Our family is on the countdown to the first year our firstborn child will join 4-H and enter the county fair with animals. For a while now it’s been all, Mom, only three years until I can be in 4-H. And, Mom, two years from now we’ll be camping out at the fair.
I love 4-H. I was a pro 4-Her. I was born into a 4-H family as a tagalong kid; I followed my older sibs to my first fair at two months old and charged on until the summer I turned 18.
The summer I turned 19, when I had officially aged out of the program, I cried and cried. I missed 4-H. I missed being in the fair. After a short lifetime of summers devoted to prep for the 4-H fair, I was pretty much lost without it.
I did survive that life transition, and most of the successive life transitions that forced me to transform into an adult. Now I’m a mama of four future 4-Hers.
I’ve always assumed we’ll be a 4-H family. And my husband — a champion livestock judge in his heyday — has as well.
But as the precious, blissful years of young childhood pass so quickly for our firstborn, I have found myself dragging my feet. The year he turns 9 will be his first year in 4-H, and he’s pushing to join the Cloverbuds (junior 4-Hers) next year. He can’t wait to be a big kid. I am the reluctant one. It’s not that I don’t think 4-H is a fantastic program. It’s not that I don’t look forward to walking with my children through all the opportunities and experiences ahead of us. It’s just that I fear getting caught in the whirlwind of the adolescent years, running from baseball practice to guitar lessons to the 4-H meeting.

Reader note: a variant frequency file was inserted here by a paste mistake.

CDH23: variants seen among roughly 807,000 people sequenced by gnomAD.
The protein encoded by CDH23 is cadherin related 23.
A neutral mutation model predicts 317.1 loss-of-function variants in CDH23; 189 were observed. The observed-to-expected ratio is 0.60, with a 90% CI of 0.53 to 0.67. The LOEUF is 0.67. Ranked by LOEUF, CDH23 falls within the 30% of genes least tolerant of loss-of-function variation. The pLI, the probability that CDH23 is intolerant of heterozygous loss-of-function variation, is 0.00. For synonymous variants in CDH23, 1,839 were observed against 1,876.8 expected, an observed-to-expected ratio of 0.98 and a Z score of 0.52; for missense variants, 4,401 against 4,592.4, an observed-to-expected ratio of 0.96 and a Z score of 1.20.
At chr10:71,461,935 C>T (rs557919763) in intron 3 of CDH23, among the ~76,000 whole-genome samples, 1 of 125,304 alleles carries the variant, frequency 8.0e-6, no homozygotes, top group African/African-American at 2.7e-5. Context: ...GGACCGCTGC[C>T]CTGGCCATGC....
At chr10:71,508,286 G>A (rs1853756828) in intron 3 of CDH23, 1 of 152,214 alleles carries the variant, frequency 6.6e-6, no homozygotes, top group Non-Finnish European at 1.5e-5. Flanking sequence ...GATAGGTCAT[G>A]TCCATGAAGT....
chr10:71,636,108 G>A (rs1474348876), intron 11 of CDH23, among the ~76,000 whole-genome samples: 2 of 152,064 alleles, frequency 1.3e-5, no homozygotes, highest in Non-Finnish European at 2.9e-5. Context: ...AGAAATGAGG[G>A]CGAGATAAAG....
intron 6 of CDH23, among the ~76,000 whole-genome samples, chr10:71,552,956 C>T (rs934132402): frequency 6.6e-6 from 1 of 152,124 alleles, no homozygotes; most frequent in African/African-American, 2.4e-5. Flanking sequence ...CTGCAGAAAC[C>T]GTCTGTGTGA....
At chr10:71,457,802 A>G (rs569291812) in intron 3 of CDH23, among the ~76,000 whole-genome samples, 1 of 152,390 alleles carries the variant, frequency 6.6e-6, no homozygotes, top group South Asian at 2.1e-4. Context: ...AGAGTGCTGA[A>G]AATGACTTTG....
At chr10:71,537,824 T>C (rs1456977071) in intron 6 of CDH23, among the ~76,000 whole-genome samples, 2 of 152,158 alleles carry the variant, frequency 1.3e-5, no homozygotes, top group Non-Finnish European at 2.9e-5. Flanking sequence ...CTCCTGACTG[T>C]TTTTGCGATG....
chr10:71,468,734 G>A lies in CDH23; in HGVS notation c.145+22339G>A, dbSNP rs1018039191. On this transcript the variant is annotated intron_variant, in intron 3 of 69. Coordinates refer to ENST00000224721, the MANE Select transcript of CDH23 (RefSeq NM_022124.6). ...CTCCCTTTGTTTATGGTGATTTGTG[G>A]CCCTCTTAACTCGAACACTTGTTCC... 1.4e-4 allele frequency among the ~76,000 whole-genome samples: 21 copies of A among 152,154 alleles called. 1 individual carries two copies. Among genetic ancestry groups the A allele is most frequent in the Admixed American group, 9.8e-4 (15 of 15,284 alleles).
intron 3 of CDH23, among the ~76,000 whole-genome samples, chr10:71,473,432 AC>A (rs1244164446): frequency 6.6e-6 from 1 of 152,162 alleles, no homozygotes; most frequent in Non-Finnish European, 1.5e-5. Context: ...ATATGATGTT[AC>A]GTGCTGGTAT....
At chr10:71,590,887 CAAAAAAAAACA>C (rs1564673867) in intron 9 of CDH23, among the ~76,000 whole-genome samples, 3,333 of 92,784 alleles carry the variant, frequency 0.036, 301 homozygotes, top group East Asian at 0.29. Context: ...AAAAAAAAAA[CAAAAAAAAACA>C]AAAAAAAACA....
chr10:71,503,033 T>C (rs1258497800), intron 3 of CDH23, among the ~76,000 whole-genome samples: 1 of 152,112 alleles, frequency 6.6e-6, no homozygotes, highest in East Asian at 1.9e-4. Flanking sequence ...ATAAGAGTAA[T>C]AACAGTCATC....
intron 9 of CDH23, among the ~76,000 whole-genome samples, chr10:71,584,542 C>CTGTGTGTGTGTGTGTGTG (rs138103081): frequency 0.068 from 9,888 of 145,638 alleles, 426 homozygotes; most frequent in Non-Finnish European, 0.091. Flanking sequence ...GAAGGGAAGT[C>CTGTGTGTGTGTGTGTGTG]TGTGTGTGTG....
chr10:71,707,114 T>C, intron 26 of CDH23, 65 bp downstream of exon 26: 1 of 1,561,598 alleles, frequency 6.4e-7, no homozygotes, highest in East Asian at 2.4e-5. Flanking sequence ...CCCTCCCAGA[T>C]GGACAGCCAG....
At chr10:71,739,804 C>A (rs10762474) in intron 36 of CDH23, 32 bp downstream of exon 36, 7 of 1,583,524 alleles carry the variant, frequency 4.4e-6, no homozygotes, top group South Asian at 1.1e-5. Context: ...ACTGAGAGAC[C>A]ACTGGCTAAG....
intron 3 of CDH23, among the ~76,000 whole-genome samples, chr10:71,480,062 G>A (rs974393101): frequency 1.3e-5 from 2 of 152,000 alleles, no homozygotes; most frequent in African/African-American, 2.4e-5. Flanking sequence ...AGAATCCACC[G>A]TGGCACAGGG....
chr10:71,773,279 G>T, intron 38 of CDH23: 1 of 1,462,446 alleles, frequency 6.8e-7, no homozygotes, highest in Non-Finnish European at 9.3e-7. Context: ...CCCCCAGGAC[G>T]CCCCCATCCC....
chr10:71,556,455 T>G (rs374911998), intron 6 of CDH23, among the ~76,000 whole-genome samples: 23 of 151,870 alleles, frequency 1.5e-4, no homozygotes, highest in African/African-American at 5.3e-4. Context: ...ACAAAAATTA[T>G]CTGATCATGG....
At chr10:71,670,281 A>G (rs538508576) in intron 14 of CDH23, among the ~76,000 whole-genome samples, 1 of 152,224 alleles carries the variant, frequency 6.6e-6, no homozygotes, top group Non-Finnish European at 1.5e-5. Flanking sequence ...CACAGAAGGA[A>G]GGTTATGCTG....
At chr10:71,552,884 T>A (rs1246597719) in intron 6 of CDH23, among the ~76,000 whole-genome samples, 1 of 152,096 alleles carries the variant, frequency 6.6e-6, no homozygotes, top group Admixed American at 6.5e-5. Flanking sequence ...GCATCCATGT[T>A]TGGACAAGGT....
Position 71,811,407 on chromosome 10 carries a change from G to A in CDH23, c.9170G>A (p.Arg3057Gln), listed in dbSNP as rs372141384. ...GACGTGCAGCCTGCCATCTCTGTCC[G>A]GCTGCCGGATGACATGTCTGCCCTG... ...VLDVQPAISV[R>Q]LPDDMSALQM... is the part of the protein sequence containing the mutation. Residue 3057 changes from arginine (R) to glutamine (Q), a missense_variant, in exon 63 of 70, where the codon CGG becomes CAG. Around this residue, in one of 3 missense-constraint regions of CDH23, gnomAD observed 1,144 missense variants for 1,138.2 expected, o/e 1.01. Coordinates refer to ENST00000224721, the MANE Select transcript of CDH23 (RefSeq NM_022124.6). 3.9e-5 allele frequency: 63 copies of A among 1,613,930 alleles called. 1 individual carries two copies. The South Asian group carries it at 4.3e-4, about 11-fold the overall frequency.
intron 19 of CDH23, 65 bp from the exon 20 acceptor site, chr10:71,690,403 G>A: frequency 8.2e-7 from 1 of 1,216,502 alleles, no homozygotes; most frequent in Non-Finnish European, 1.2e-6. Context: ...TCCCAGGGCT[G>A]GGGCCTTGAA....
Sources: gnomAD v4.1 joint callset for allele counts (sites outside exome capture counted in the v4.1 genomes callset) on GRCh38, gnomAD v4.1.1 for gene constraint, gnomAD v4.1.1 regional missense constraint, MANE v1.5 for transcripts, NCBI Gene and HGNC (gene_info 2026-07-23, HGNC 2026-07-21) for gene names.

(I am also suspicious that our kids being in 4-H is going to be a ton of work for me and my husband. And I’m a little bit afraid that I’ll turn out to be the stereotypical monstrous 4-H mom.)
But the passage of time is inevitable, and though I’ve guarded our little family against busy-ness as long as possible, I can feel us slipping, slipping, slipping now, ever toward the center of the adolescent-activities tornado that will rule our lives for, I’m guessing, the next couple decades.
I can remain in denial about my kids growing up. I can be a grouch about it. Or I can stock up on hairspray, safety pins, starch, hoof polish, and lipstick and jump feet-first… right behind our firstborn. He’s going with or without me.
To that end, I helped him get his feet wet this year. We entered some of his art in the open show at the Rosebud-Treasure County Fair…
… And look what happened:
He was named best of class! And earned a $3 premium!
He is officially hooked.
And I am (almost) officially a camper-packing, finger-crossing, pig-pushing, concessions-stand-hollering, flip-flop-showering 4-H mom.
© Tam Blake